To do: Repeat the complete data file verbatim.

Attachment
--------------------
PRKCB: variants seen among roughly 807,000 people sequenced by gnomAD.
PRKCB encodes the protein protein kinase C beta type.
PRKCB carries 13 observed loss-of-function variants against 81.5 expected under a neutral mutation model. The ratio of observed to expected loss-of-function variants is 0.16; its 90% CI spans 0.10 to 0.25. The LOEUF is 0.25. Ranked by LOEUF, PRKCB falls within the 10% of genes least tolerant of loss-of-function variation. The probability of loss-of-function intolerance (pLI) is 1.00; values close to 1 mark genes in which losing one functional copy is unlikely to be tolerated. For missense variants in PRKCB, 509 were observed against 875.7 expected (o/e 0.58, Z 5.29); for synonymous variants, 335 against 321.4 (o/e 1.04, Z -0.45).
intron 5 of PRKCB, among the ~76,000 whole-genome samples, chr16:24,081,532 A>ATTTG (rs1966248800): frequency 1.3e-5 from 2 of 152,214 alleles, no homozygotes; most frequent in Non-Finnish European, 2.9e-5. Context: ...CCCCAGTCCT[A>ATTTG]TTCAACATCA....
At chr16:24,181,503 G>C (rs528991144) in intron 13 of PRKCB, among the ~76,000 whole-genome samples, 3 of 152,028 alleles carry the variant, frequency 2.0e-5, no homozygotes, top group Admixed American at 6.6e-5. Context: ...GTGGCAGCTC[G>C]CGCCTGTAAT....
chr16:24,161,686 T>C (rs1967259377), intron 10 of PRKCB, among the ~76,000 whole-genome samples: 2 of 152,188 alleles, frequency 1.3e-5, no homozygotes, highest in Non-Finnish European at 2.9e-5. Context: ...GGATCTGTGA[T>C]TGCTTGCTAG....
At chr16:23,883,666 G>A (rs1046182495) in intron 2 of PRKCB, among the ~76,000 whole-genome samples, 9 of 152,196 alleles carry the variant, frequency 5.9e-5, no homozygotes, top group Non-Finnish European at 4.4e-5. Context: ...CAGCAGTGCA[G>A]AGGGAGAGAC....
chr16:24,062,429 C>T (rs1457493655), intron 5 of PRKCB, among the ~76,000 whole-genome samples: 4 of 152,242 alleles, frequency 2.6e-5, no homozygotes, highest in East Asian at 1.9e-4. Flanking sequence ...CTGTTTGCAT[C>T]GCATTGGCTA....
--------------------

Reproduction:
PRKCB: variants seen among roughly 807,000 people sequenced by gnomAD.
PRKCB encodes the protein protein kinase C beta type.
PRKCB carries 13 observed loss-of-function variants against 81.5 expected under a neutral mutation model. The ratio of observed to expected loss-of-function variants is 0.16; its 90% CI spans 0.10 to 0.25. The LOEUF is 0.25. Ranked by LOEUF, PRKCB falls within the 10% of genes least tolerant of loss-of-function variation. The probability of loss-of-function intolerance (pLI) is 1.00; values close to 1 mark genes in which losing one functional copy is unlikely to be tolerated. For missense variants in PRKCB, 509 were observed against 875.7 expected (o/e 0.58, Z 5.29); for synonymous variants, 335 against 321.4 (o/e 1.04, Z -0.45).
intron 5 of PRKCB, among the ~76,000 whole-genome samples, chr16:24,081,532 A>ATTTG (rs1966248800): frequency 1.3e-5 from 2 of 152,214 alleles, no homozygotes; most frequent in Non-Finnish European, 2.9e-5. Context: ...CCCCAGTCCT[A>ATTTG]TTCAACATCA....
At chr16:24,181,503 G>C (rs528991144) in intron 13 of PRKCB, among the ~76,000 whole-genome samples, 3 of 152,028 alleles carry the variant, frequency 2.0e-5, no homozygotes, top group Admixed American at 6.6e-5. Context: ...GTGGCAGCTC[G>C]CGCCTGTAAT....
chr16:24,161,686 T>C (rs1967259377), intron 10 of PRKCB, among the ~76,000 whole-genome samples: 2 of 152,188 alleles, frequency 1.3e-5, no homozygotes, highest in Non-Finnish European at 2.9e-5. Context: ...GGATCTGTGA[T>C]TGCTTGCTAG....
At chr16:23,883,666 G>A (rs1046182495) in intron 2 of PRKCB, among the ~76,000 whole-genome samples, 9 of 152,196 alleles carry the variant, frequency 5.9e-5, no homozygotes, top group Non-Finnish European at 4.4e-5. Context: ...CAGCAGTGCA[G>A]AGGGAGAGAC....
chr16:24,062,429 C>T (rs1457493655), intron 5 of PRKCB, among the ~76,000 whole-genome samples: 4 of 152,242 alleles, frequency 2.6e-5, no homozygotes, highest in East Asian at 1.9e-4. Flanking sequence ...CTGTTTGCAT[C>T]GCATTGGCTA....